Theory and method


While constitutional reasoning can be understood in different ways, the present project uses the following definitions. Reasoning refers to the justifications that the judges publicly adduce for their decision. What makes reasoning specifically “constitutional” is that it is based on grounds that are commonly viewed as constitutional. We apply a formal definition of constitution. For this project constitution means the rule or body of rules enjoying the highest rank in a legal order (Jakab 2013).

Any attempt to analyze commonalities and discrepancies in the argumentative style practiced by constitutional judges must ultimately rest on some understanding of the motives and constraints that orient judicial decision-making (Jakab, Dyevre and Itzcovich 2017). The formalist (or legalist) model of judicial decision-making posits that judges are essentially preoccupied with the correct application of legal rules and doctrines (Schauer 1988). In this view, if judicial practices show similarities, it is because judges must apply similar rules; and if they diverge it is because the rules they are in charge of applying differ. Most constitutional comparativists do not accept the formalist account of judicial behaviour. They rather tend to discuss the role played by economic and social mechanisms as well as the influence of inherited legal structures. The approach we take in the present project draws on a realist account of judicial decision-making. According to the realist model, first laid down by Oliver Wendell Holmes (1896) judicial decision-making is determined by considerations that are not purely legal. However, we do not claim that judicial decision-making is arbitrary or that constitutional rules and doctrines do not place important constraints on judges. Instead, our project is based on the assumption that constitutional rules and doctrines do not represent the only influence on judicial conduct. Empirical research has shown that constitutional adjudication is influenced by the policy preferences of the individual judge as well as by institutional and strategic constraints (Epstein, Landes and Posner 2013; Hanretty 2012).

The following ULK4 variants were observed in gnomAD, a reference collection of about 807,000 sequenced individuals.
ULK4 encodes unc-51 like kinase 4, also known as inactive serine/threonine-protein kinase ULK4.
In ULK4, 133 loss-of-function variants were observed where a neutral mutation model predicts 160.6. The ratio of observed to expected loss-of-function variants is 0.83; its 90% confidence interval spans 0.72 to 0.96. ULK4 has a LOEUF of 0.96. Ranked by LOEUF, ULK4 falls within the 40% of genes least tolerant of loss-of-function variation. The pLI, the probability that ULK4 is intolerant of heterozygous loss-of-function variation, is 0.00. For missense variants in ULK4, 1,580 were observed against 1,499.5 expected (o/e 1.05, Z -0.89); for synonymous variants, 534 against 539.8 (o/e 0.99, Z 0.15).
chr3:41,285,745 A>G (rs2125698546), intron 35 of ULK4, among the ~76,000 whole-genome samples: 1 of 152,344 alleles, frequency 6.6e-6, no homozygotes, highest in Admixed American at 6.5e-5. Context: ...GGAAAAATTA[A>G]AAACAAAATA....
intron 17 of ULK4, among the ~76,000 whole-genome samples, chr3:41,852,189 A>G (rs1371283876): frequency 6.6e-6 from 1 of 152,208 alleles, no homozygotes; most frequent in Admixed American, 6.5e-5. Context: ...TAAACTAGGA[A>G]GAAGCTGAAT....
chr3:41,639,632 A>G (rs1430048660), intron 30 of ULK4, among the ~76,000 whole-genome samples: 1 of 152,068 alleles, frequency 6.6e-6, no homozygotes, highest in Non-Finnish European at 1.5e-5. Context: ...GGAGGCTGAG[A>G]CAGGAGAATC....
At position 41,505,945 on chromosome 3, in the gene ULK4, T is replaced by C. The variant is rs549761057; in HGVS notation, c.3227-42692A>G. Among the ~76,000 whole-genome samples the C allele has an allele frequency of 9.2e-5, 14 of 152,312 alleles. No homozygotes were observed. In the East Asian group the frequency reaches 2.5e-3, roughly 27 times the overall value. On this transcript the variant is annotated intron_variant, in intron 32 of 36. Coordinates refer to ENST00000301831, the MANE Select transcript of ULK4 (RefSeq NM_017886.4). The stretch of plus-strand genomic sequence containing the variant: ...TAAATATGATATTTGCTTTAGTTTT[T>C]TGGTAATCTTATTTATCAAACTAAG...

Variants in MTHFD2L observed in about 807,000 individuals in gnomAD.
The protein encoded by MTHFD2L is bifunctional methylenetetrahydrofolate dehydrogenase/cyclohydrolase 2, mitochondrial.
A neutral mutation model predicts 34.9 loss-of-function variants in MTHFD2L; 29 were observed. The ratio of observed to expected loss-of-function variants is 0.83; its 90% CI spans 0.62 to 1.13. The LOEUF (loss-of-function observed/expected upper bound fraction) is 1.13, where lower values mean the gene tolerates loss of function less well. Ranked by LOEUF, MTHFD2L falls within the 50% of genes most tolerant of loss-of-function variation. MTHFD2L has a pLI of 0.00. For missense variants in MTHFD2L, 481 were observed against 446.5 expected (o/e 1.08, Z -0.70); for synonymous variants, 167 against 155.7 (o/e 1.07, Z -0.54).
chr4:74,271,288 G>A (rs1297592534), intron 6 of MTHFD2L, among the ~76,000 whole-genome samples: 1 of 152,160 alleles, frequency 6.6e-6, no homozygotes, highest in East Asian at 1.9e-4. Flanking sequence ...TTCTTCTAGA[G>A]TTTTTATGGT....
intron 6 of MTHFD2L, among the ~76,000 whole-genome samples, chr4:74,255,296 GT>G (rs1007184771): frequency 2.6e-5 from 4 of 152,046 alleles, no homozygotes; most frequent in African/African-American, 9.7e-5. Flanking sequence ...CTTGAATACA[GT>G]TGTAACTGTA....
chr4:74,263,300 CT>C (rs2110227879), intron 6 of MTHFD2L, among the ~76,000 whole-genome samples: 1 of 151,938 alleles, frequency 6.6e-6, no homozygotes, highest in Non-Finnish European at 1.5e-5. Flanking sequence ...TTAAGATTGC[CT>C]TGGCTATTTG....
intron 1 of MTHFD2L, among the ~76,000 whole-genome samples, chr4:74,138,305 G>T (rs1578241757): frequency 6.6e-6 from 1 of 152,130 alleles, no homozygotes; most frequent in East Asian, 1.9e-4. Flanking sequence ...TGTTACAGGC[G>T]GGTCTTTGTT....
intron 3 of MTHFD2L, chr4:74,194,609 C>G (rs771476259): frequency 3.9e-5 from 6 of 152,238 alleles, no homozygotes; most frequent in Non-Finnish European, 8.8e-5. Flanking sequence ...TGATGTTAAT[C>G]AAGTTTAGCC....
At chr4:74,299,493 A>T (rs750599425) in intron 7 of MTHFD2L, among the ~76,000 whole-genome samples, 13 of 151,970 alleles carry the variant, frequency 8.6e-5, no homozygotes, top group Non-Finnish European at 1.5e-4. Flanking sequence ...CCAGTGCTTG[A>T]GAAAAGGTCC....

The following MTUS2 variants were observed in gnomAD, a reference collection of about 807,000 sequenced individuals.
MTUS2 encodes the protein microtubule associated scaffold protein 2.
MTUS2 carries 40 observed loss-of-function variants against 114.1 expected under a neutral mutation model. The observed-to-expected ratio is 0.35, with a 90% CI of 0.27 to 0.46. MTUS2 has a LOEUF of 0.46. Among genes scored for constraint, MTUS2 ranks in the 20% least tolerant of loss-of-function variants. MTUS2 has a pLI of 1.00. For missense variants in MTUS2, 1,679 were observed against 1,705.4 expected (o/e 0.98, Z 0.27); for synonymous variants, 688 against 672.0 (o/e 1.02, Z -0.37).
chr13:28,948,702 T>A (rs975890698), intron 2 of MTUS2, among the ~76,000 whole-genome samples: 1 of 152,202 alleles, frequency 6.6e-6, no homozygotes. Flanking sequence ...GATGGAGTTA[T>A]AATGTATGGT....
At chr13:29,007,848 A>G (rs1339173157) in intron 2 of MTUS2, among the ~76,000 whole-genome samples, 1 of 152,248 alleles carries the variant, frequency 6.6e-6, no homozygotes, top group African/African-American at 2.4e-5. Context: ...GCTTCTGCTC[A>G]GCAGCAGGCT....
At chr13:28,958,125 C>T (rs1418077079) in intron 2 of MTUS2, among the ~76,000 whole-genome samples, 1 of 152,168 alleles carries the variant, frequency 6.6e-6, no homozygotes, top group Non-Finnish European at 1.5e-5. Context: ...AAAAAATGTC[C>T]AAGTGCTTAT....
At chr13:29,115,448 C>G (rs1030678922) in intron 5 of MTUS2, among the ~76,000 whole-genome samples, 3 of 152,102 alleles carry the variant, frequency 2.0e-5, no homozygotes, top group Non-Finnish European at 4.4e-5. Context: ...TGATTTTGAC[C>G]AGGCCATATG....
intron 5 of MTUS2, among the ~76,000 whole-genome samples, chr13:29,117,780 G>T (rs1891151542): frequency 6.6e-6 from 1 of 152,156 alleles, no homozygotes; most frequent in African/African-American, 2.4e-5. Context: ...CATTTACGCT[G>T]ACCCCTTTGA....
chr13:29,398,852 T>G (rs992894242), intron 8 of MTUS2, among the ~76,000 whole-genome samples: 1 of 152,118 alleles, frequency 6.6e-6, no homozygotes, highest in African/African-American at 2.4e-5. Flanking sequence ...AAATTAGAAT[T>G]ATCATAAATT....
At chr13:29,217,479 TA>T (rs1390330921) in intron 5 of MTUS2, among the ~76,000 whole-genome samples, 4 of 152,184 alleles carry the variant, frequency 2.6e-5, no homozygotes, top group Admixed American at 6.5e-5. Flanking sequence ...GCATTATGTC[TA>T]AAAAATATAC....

We conceptualize constitutional reasoning as an exercise in persuasion. We suggest that the opinion-writing practices of constitutional judges are determined by the interaction of three factors: (1) the judges’ values and policy preferences, (2) the views of the judicial role held by the judges’ audiences, and (3) the judges’ skills in crafting arguments that reflect their own preferences while remaining attuned to the expectations of their audiences.


The project involves one constitutional law scholar from each of the five Nordic countries. Each scholar is responsible for analyzing the constitutional reasoning practice in her own jurisdiction and prepare a report to serve as a basis for the comparative analysis. An Advisory Board, composed of three eminent Nordic legal scholars of the field and three other internationally renowned legal scholars with experience in applying the research methods of our project, supports the activities undertaken by the project participants.

The project studies the reasoning-practice of the supreme courts of five Nordic countries: the Swedish Högsta domstolen, the Norwegian Høgsterett, the Icelandic Hæstiréttur, the Danish Højesteret, and the Finnish Korkein oikeus. Two of the Nordic countries also have a supreme administrative court (the Swedish Högsta förvaltningsdomstolen and the Finnish Korkein hallinto-oikeus), which are also included in the analysis. Their inclusion is motivated by the fact that administrative courts also have the power to review the constitutionality of the laws they apply, thus engaging in constitutional reasoning. The inclusion of administrative supreme courts in the study also allows us to compare argumentative practices of these courts with those of the ordinary supreme courts.